I would also point out that, appearing as a Federal employee, Justice Scalia does not own his apeeches. This is not a sports hero addressing a booster’s club, this is a government employee speaking to citizens.

So I pose thes related questions: does every word spoken by a Supreme Court Justice, regardless of the venue, have the full force of law behind it? Can, or should, a justice be able to exercise the full power of his office over an unexpected situation at a cocktail party imvolving his own activity?

IMHO, Scalia would have acted appropriately had he done the following: explain to the hosts that his ground rules were being violated, and that he would not participate until they put things right. The hosts could then address the reporters and offer them the choice of turning off their recorsing devices or leaving. If the OP article is correct, lacking advance notice of recording restrictions, there was absolutely know excuse for seizing anything recorded up to that point.

Instead, he ordered – or maybe even his security detail has standing orders – to simply seize any operating recording device in the vicinity and destroy the data. I find that behavior unacceptable.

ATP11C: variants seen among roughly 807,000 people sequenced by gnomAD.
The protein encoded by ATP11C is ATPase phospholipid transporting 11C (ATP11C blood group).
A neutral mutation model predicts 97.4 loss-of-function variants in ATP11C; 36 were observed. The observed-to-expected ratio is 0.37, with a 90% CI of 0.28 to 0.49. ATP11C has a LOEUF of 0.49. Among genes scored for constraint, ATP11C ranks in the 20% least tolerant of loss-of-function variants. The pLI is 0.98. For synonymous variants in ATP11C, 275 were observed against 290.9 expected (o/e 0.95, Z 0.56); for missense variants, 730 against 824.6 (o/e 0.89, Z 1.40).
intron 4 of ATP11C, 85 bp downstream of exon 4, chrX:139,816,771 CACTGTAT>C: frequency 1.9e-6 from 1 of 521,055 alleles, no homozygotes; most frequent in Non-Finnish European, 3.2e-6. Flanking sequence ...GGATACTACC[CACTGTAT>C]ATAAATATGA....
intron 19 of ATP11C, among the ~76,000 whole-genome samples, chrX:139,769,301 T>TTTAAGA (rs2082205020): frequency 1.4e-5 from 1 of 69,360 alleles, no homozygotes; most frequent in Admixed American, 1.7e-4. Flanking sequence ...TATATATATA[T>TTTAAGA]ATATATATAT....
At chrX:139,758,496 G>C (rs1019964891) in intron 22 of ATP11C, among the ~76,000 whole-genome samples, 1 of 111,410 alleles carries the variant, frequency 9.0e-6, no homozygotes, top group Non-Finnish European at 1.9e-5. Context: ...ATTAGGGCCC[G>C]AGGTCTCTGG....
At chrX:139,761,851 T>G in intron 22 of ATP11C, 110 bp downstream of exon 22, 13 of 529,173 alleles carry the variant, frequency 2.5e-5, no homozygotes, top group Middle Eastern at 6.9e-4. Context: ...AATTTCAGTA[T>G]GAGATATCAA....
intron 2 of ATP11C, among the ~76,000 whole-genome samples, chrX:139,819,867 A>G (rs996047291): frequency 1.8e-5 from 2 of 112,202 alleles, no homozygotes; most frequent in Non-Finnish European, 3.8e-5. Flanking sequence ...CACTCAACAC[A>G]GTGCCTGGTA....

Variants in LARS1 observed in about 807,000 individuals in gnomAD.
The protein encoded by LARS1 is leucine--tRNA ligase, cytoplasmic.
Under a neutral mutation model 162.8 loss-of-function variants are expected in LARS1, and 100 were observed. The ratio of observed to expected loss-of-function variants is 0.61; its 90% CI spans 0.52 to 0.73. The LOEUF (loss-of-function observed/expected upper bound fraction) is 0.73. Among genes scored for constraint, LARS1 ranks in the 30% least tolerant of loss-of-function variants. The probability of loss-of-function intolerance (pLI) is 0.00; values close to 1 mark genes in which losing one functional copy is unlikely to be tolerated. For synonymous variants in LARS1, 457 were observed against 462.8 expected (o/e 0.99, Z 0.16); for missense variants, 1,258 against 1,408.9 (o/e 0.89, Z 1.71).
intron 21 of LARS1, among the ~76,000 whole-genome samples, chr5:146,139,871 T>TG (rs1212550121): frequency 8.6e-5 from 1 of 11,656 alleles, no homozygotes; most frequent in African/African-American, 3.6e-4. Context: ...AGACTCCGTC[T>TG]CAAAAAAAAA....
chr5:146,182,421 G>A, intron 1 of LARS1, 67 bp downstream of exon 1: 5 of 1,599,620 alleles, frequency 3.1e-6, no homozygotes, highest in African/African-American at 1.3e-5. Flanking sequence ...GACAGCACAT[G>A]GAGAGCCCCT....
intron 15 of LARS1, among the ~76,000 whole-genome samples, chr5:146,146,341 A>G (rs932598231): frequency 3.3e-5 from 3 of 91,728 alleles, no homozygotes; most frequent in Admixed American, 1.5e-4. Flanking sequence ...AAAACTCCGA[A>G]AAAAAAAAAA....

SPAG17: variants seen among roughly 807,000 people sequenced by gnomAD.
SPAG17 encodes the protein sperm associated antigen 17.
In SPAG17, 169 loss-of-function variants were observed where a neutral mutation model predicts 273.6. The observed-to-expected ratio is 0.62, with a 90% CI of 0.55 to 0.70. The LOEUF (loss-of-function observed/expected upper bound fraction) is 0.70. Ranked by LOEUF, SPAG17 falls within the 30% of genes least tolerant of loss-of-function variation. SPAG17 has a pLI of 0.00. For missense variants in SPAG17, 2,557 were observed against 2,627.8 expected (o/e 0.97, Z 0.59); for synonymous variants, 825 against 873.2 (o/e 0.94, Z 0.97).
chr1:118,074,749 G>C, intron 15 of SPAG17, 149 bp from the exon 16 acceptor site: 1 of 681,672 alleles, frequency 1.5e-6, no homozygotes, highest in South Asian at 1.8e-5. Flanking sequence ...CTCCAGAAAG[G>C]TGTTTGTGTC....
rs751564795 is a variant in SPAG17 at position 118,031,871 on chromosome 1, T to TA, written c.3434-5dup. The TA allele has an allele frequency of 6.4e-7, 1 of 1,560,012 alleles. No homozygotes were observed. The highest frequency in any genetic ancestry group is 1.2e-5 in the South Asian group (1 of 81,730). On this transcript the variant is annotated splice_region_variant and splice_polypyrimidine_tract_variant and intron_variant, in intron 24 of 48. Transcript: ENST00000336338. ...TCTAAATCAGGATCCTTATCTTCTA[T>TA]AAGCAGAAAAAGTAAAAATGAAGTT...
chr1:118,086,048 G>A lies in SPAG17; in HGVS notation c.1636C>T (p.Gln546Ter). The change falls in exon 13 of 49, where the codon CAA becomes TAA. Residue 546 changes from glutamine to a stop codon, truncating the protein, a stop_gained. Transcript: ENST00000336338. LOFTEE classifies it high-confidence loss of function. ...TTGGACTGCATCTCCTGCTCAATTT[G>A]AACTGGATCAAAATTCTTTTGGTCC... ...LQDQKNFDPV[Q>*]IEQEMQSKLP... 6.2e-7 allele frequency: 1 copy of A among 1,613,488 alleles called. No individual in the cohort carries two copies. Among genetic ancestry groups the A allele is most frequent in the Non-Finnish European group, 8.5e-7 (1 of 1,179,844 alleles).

After rereading the story, I’ll back off on my criticism of the reporter. From my quick first reading, it seemed evident to me that the speech was off the record, but looking over it again, I see that this was just my assumption.

Scalia’s a jerk.

Ummm…that was kind of my point about why, while technically “legal”, I thought this was a terrible idea for him.

IMO, Scalia forbids tape-recording during his speeches because he doesn’t want his voice used by his political opponents. Using his voice rather than a written quote would be far more effective in a politcal ad.

If the federal agents and/or Scalia had reason to believe the reporter recorded the speech and that it was in some way illegal to record it, there are ways to remedy that which involve the courts, not brute force or intimidation by law enforcement. Can law enforcement legally force someone to destroy property without an order from a court? I was under the impression that they aren’t allowed to do that.

Agreed. And further, I find that behavior to be assault and battery, and conversion. Were I the reporter, I would file suit forthwith. To the extent the marshal was acting in the service of Scalia, I would sue Scalia’s sorry ass, too, under a theory of respondeat superior.

Scalia has no more right than Clay Aiken (Bricker’s example) to seize a recording by peremptory use of force, even a recording wrongfully obtained (if it was wrongfully obtained).

If Scalia wishes to give a speech as a private citizen, with the protections afforded a private citizen, then he must follow the rules all us other citizens are expected to obey.

What political opponents? The guy’s got a job for life.

Yes, but he is a republican. Democrats like to use Scalia as a bogeyman, much like the right uses Hillary.

I think that factors into his thinking. I can’t think of another reason for forbidding audio and/or video taping of his speeches. It effectively cuts off the use of sound-bite ammunition.